Maverick Citizen

Food Justice

FIGHT FOR FOOD

Nonprofit sounds alarm over rising child hunger fuelling ‘perpetual cycle of poverty’ in SA

Nonprofit sounds alarm over rising child hunger fuelling ‘perpetual cycle of poverty’ in SA
A 10-year-old boy eats a meagre meal in Gxulu locality, Libode, Eastern Cape. (Photo: Hoseya Jubase)

As we mark World Hunger Day (28 May) – which is dedicated to raising awareness of the global hunger crisis and malnutrition – South African NPO workers warn the hunger crisis is growing, and flag the multiple ills that accompany child neglect and abuse.

Rise Against Hunger gives food to early childhood development centres (ECDs) and creates sustainable farming projects and disaster relief activities to eradicate hunger one meal at a time. The organisation has packed more than 57 million meals globally.

In South Africa about 10 million adults and nearly three million children experience hunger, a 2021 study found, and 600,000 children were experiencing perpetual hunger, hunger every day or almost every day.

According to the Hunger Project, founded in 1918, hunger has affected humanity since the beginning of time. It is a chronic state of malnutrition that results from a lack of access to sufficient food.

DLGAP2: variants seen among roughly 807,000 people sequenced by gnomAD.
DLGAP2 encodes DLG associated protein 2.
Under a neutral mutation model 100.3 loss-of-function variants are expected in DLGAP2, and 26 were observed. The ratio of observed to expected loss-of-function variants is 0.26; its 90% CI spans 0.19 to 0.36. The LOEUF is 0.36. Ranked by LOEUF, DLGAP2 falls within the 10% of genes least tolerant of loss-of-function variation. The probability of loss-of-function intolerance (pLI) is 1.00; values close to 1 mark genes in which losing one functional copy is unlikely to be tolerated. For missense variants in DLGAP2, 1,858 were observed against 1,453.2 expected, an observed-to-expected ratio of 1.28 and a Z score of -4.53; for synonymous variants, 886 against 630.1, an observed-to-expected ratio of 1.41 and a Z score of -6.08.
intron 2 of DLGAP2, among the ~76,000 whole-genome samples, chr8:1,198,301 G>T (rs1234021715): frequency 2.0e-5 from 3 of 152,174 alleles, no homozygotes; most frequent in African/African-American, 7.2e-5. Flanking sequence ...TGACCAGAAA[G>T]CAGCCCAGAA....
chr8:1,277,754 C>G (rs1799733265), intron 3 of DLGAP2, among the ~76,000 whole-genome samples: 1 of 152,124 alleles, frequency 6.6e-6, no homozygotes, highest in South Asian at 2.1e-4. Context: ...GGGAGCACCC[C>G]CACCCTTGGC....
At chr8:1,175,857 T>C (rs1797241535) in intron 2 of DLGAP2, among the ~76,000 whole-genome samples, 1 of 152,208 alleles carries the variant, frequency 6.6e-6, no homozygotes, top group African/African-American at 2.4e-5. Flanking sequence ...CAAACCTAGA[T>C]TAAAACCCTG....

Rise Against Hunger chief executive Brian Nell said that in their engagement with communities they often hear about parents not being able to pay the average ECD fee of R300 in some months. “In some cases the parents are then forced to leave their children at home. Apart from them not receiving a daily nutritious meal for that period, there are also major concerns around their safety (home alone) and losing out on valuable foundation-phase educational activities. It’s a huge setback.”

This was concerning because the developmental years are critical. Between the age of one and six “good nutrition and education are vital if they are to have a chance of completing high school, entering a tertiary education facility and then being able to find suitable income to support themselves. Given that one in four (25%) children born in SA are born developmentally stunted, the first 1,000 days of their life also needs urgent intervention.”